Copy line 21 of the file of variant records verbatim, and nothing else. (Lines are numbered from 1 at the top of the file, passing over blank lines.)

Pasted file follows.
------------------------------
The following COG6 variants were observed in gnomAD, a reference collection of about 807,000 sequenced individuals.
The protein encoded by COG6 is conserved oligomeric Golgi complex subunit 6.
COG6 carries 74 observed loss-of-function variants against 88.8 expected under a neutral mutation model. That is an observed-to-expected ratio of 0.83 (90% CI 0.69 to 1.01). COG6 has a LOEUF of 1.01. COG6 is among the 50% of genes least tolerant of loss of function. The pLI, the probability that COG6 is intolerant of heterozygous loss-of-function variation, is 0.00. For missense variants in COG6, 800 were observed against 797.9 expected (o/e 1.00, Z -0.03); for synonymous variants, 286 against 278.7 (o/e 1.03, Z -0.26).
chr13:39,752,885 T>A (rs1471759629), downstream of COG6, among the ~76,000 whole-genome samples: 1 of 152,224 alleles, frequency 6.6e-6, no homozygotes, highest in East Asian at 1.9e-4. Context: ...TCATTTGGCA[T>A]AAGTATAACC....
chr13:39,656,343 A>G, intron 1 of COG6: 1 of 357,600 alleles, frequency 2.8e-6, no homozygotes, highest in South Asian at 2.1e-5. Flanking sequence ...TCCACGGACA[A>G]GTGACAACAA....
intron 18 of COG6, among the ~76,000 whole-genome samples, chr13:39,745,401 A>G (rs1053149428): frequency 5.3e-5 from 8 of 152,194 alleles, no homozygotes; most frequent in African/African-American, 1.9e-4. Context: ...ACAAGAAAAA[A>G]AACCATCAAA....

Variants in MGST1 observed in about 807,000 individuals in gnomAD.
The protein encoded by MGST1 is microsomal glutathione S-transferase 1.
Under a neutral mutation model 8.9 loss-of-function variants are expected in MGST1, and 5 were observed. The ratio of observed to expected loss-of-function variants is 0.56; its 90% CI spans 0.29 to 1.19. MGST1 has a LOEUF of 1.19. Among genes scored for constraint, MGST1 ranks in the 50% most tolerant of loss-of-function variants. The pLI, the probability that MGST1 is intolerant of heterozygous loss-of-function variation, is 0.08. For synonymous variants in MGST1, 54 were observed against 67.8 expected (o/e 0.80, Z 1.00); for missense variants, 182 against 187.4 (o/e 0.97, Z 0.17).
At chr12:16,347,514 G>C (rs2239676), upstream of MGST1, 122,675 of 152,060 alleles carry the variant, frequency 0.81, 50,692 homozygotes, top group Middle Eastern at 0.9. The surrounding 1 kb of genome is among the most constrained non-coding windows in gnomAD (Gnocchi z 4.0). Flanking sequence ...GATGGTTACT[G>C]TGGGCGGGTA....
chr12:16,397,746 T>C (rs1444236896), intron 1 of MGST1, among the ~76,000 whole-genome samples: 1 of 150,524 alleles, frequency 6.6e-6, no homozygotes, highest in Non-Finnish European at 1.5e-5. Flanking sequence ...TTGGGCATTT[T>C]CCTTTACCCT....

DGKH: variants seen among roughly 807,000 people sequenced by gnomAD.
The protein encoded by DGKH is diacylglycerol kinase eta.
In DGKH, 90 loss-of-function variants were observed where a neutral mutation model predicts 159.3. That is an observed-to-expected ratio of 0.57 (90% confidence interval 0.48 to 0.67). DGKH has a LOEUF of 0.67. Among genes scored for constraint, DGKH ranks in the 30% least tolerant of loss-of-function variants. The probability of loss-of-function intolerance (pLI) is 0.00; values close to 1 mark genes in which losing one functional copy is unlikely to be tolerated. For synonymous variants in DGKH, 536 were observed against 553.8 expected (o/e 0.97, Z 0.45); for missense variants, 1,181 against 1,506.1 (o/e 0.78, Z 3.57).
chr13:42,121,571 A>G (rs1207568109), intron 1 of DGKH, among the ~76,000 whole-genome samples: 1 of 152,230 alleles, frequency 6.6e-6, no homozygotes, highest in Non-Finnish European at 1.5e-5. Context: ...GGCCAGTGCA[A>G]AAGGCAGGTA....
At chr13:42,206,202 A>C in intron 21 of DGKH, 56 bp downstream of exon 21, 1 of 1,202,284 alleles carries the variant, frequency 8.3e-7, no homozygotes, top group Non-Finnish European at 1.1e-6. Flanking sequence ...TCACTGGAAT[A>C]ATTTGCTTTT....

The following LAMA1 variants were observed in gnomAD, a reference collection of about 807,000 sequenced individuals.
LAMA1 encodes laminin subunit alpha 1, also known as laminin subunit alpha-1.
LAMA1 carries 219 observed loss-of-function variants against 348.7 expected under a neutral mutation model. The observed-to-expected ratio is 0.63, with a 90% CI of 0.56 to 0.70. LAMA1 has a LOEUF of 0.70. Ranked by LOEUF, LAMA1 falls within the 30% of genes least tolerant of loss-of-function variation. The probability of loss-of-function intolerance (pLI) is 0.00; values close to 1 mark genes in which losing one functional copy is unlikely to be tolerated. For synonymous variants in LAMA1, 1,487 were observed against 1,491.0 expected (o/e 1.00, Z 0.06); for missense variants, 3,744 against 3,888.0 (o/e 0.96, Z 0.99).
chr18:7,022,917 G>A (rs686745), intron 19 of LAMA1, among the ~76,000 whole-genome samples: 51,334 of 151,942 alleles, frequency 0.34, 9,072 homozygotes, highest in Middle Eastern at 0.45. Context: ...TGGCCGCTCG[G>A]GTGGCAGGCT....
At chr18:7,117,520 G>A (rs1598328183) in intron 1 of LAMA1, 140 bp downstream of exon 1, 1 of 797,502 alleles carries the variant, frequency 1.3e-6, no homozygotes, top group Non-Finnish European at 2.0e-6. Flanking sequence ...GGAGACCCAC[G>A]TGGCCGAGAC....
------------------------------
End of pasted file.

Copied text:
At chr18:7,117,520 G>A (rs1598328183) in intron 1 of LAMA1, 140 bp downstream of exon 1, 1 of 797,502 alleles carries the variant, frequency 1.3e-6, no homozygotes, top group Non-Finnish European at 2.0e-6. Flanking sequence ...GGAGACCCAC[G>A]TGGCCGAGAC....